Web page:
By Kristina Ayala
Pufferfish Press was started in January 2011 when I returned to making art. My great loves are ceramics, painting and printmaking. The work of Pufferfish Press combines printmaking, ceramics, painting, and illustration, inspired by San Francisco, science, sirens, swimming, and the sea. Many describe it as, “whimsical, Japanesesque ocean art.”
Since I was a child, I have always loved art. I began working in ceramics at Clay Creations in Pacifica in 2000. From there I became more involved in my community and in my own art. I graduated San Francisco State University with a BA in Liberal Studies and in Fine Arts (Painting and Printmaking). I am involved with the Arts through Arts Education as an elementary school teacher, volunteering on the Peninsula Arts Council for San Mateo County, and being involved with Clay Creations Studio and the Printing studio at Fort Mason in San Francisco. I continue to take workshops whenever I can and go to galleries, shows, and museums so that I may find inspiration from other artists.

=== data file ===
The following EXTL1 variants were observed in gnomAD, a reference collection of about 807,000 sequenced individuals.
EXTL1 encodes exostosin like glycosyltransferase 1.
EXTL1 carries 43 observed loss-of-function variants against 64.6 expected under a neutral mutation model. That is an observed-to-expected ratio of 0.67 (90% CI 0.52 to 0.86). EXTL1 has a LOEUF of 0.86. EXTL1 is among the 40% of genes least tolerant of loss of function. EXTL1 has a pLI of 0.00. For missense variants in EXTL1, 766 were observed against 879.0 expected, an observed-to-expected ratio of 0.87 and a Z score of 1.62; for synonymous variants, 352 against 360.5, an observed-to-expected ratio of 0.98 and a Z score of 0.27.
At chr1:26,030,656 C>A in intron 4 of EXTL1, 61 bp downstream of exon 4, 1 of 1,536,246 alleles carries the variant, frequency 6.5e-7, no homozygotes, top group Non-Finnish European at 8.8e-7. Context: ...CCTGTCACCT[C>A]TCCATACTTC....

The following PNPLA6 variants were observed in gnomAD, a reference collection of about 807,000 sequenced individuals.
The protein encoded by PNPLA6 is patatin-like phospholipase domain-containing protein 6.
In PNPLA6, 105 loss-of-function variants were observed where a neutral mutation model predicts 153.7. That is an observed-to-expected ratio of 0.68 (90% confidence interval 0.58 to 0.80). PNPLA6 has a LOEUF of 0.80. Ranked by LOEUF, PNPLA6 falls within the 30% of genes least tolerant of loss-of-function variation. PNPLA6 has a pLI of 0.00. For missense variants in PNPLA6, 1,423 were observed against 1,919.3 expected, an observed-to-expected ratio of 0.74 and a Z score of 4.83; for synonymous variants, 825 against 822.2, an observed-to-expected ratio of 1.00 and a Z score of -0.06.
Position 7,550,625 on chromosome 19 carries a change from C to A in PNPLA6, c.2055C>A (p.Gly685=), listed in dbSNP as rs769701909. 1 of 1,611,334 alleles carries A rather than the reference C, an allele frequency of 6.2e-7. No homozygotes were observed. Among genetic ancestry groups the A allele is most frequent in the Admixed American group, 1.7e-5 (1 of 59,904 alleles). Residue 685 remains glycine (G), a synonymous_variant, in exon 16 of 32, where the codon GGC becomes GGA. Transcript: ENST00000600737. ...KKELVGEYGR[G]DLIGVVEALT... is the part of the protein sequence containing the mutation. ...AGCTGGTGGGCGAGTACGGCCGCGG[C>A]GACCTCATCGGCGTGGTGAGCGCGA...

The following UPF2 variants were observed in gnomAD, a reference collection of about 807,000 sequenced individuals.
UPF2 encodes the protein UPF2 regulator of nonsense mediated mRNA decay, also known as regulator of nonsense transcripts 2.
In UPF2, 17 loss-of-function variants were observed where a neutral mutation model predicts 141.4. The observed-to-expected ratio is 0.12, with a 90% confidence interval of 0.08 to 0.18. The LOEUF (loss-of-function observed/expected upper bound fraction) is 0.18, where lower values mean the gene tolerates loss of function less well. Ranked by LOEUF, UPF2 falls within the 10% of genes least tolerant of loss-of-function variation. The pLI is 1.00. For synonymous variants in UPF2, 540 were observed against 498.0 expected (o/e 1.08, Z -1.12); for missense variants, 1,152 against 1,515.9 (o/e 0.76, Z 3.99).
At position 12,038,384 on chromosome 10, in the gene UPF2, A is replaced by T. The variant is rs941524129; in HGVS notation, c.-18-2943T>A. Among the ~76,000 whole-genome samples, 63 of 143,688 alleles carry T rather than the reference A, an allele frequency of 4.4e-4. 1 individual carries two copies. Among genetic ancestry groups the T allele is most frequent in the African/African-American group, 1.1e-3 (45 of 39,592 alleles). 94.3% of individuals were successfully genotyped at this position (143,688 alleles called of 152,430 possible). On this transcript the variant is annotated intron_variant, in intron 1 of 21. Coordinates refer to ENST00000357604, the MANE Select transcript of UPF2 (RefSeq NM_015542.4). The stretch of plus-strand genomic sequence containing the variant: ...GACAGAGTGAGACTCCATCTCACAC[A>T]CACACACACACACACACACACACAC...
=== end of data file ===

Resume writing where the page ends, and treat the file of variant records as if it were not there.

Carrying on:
I am attracted to sea life. The artwork I create is inspired by many years living by the water and many of my pieces show my fascination with fish.
I am not only mesmerized by the appearance of these creatures, but also curious about their workings. Sea creatures, especially, Puffers, squid, and octopus are common motifs for me. Their characteristics of fragility and defensiveness inspire me. I also like the whimsical quality of sea creatures, real or make believe. I grew up swimming and if the choice had been given to me as a child, I would have wished to be a mermaid.
Most recently I took on the challenge of sketching 100 fish. I thought this would be simple as this is a motif I love to work with. Honestly it took longer than I expected and I struggled with continuing. I ended up getting some help from Google images to move faster as my brain wasn't giving me the variety I needed.
Here is the collage of my sketchbook pages. The pages could have been scanned to look better but the challenge was completing the fish and not the presentation. This gives you a glimpse of the good, the bad and the ugly of my quick fish.
Kristina Ayala can be reached at firstname.lastname@example.org.
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